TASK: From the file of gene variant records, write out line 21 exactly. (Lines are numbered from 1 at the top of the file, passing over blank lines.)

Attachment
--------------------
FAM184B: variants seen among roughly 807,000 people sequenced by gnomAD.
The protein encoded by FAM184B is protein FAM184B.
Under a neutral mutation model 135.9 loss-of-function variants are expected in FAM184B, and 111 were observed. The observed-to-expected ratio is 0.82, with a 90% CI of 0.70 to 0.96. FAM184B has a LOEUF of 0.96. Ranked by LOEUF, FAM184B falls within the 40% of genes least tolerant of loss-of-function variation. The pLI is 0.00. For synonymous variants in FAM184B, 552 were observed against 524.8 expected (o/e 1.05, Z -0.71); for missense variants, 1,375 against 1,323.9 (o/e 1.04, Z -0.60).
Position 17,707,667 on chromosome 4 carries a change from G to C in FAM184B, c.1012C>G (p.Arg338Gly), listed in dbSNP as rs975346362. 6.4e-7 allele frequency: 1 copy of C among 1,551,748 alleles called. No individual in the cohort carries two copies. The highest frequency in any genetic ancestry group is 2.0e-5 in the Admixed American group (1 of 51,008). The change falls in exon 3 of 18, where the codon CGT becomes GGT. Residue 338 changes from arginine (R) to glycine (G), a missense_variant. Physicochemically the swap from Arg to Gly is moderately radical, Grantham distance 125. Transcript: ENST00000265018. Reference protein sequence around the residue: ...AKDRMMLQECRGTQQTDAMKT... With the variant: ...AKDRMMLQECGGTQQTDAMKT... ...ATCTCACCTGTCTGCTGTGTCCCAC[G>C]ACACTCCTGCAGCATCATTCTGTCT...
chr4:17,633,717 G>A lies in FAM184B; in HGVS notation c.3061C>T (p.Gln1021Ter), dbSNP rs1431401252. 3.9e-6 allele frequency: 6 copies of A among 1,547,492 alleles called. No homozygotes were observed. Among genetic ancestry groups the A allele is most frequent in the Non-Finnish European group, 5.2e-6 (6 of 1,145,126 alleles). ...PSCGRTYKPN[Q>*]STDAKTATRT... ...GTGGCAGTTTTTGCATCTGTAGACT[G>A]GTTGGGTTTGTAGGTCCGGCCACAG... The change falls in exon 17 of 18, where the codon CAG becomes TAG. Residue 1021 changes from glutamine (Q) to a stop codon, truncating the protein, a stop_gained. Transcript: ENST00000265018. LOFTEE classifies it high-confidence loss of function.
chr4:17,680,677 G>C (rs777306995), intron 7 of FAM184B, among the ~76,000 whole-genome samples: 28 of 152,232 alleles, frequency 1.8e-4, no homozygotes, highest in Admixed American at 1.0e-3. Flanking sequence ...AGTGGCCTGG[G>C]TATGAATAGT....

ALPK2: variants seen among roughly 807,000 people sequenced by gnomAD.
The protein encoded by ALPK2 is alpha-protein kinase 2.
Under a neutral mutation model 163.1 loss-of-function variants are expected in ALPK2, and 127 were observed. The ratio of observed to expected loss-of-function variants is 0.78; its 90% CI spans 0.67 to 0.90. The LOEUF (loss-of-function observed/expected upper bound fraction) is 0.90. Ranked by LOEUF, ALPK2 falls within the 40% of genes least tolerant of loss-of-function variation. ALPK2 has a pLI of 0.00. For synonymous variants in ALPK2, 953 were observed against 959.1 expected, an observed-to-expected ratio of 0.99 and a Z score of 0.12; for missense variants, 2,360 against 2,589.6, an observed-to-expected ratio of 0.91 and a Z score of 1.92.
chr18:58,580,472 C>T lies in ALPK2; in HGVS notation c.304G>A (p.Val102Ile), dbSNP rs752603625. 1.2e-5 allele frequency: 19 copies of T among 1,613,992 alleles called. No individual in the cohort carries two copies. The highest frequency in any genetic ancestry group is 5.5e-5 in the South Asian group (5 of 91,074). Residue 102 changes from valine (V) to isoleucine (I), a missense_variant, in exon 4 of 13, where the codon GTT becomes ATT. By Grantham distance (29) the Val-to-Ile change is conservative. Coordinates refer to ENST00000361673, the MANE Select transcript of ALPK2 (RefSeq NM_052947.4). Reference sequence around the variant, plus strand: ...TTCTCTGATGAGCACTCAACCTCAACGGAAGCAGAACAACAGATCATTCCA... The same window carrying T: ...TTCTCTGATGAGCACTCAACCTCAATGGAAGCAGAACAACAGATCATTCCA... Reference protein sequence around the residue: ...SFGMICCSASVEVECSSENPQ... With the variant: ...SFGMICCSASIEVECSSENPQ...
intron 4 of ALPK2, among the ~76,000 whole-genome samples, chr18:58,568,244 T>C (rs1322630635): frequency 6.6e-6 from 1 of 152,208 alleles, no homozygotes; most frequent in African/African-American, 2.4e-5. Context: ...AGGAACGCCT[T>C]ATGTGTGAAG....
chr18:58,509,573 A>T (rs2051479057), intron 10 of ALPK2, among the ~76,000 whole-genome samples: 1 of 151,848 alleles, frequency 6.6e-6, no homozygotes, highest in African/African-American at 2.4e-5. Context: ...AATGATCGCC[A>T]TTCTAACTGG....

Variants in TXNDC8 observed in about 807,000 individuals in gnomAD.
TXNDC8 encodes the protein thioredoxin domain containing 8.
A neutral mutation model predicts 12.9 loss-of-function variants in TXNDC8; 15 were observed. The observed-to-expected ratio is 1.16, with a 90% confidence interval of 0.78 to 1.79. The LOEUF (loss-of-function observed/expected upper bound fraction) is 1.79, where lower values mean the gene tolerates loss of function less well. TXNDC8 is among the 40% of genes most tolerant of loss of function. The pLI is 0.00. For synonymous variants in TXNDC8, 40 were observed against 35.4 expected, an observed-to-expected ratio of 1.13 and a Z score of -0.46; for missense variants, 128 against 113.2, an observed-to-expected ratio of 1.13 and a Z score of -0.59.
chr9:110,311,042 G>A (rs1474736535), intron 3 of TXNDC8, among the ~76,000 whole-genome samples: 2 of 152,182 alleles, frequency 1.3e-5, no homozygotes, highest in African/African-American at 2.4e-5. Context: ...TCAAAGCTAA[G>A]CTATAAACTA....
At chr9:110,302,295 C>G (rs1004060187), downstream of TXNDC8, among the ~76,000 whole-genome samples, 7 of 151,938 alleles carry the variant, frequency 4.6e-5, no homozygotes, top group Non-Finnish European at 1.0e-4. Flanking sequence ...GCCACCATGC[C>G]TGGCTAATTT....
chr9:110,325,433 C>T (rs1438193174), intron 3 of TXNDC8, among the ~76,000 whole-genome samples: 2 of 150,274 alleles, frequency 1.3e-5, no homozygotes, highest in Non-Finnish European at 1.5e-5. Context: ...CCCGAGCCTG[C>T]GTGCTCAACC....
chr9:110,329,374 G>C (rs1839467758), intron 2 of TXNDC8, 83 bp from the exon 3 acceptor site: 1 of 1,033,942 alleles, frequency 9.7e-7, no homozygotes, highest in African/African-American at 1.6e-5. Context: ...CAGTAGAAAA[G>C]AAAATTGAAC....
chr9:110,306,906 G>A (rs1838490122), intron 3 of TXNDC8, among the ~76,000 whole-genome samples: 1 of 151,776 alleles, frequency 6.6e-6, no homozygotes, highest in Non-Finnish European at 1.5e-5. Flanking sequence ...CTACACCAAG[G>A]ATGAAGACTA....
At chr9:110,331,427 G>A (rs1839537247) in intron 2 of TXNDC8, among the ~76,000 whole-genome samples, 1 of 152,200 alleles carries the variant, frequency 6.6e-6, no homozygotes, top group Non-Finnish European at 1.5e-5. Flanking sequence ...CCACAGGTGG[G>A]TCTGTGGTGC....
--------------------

At chr9:110,331,427 G>A (rs1839537247) in intron 2 of TXNDC8, among the ~76,000 whole-genome samples, 1 of 152,200 alleles carries the variant, frequency 6.6e-6, no homozygotes, top group Non-Finnish European at 1.5e-5. Flanking sequence ...CCACAGGTGG[G>A]TCTGTGGTGC....